The task of remembering something from even a month ago can be a daunting task. The older that we get, remembering something from twenty-nine years ago is unfathomable, especially when you were just a little one then, no concept of the world and everything around it.
Even still, I remember May 17, 1993, just like it was yesterday.
I was a young three-year-old lad, curious about this situation called life sitting in front of me. I remember bits and pieces that molded my childhood like most kids of that era. Nickelodeon, trips to the neighborhood park, running around and embracing everything around me.
I knew I had seen professional wrestling before. Growing up in Virginia, World Championship Wrestling was a weekly occurrence on Saturday nights, as my father would get his snacks and sit in front of the television at 6:05, ready to witness the significant stars of WCW. He always told me that he would have me on his lap and I would get animated at the various characters that would come through, immediately engaged by their over-the-top gimmicks.
I don’t remember any of this.
But one random night, he watched a wrestling show that I had never seen before, but it seemed more colorful than its counterpart. The ropes were red, white, and blue. The small ambiance filled the arena with animated, but passionate fans. The leading commentary voice was a loud bravado of excitement about what was coming as he said, “Welcome to WWF Monday Night Raw!”
I hate to use the cliche, but it was a brand new world.
Now obviously, being young to the world and unaware of what was going on, I didn’t understand that I was watching a historic night on this spring Monday evening. In the early days of Raw, it was gracefully only one hour that featured an enhancement match with an unqualified sheep being fed to an established, giant name star with the point of getting over how dominant the prominent name was.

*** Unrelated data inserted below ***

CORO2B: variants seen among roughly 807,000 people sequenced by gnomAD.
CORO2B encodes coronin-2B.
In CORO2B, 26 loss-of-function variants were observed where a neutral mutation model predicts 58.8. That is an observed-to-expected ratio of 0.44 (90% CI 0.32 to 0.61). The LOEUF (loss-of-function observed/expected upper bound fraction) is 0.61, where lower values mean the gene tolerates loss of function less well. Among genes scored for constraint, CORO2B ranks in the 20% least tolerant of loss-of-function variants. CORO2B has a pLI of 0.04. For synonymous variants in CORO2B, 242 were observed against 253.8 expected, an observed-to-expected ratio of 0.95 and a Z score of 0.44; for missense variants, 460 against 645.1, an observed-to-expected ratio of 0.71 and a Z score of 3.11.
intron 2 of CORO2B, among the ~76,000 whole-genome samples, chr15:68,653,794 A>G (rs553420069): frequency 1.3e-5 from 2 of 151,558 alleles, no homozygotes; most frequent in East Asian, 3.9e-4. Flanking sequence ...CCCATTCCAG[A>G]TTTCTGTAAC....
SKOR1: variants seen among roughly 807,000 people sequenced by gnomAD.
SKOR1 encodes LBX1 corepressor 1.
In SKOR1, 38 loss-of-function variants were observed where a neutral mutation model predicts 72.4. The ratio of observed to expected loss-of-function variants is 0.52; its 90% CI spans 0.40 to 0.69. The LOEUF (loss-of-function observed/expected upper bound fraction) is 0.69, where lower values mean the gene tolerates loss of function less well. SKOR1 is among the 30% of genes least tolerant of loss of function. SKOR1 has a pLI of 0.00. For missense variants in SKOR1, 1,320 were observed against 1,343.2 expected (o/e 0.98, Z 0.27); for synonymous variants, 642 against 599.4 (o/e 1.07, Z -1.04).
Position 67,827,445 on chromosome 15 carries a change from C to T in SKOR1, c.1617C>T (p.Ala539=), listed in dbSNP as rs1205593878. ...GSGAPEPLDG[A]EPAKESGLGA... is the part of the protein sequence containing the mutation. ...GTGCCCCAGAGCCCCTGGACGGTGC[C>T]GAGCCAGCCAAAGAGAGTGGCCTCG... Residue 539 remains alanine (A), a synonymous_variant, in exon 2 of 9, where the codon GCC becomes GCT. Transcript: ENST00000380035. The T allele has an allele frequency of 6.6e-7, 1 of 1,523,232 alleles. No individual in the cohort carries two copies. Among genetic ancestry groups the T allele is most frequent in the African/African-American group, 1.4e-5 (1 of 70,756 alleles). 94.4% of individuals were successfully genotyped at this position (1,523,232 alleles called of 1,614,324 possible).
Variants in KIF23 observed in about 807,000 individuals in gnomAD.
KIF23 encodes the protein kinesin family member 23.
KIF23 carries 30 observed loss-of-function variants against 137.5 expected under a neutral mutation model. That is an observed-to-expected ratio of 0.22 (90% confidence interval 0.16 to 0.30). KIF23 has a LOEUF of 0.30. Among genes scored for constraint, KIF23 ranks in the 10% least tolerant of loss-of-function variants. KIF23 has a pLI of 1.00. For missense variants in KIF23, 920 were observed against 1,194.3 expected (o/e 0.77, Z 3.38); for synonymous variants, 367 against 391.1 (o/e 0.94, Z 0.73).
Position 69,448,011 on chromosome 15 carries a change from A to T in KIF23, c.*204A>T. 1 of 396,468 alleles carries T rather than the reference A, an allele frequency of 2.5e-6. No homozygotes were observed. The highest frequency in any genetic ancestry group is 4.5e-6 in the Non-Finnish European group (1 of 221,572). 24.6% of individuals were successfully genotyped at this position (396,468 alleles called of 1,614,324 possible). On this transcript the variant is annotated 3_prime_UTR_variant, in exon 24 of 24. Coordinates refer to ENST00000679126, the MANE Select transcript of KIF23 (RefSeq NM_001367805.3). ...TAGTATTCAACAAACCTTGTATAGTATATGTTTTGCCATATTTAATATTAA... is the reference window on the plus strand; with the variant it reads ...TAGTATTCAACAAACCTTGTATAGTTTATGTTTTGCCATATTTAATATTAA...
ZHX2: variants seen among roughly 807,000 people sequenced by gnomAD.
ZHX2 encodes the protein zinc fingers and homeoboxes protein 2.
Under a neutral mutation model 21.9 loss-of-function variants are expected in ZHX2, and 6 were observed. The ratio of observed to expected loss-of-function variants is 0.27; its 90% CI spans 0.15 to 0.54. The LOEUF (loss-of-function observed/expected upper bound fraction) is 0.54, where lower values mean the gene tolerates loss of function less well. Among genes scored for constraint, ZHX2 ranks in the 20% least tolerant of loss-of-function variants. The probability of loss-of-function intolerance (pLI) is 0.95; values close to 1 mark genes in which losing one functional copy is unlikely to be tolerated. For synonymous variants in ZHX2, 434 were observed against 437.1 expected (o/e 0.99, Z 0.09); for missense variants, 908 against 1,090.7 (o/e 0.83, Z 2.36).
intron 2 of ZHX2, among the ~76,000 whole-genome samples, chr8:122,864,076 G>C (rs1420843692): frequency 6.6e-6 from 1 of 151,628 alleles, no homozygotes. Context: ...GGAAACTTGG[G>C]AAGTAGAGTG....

The match that captured my attention was gearing up to be just another one of those. On one side, already standing in the ring was a pale, skinny kid named Sean Waltman, sporting a blue singlet with a yellow lightning bolt on it. That night, he was being dubbed as “The Kid.” Waltman had been on the two previous episodes of Raw, as he was destroyed by the sinister Doink The Clown and the devastating Mr. Hughes, so this upcoming match was surely to be no different.
On the other end, making his entrance was the fastest rising star that WWF had on their roster. Draped in gold chains as well as smooth purple trunks and boots was a man who prided himself as being a man of machismo, quickly establishing himself as a big-name player. His name was Razor Ramon, portrayed by the built and charismatic Scott Hall.
Both Waltman and Hall were no rookies to the daunting grounds of the squared circle. Hall was a nine-year pro at this point, with stints in the AWA, Championship Wrestling with Florida and New Japan Pro Wrestling before his biggest claim to fame prior to WWF, a run in WCW as The Diamond Studd. It was there that he would start to show mannerisms of the Ramon character, hurling toothpicks at opponents and telling the camera to “say hello to the bad guy.”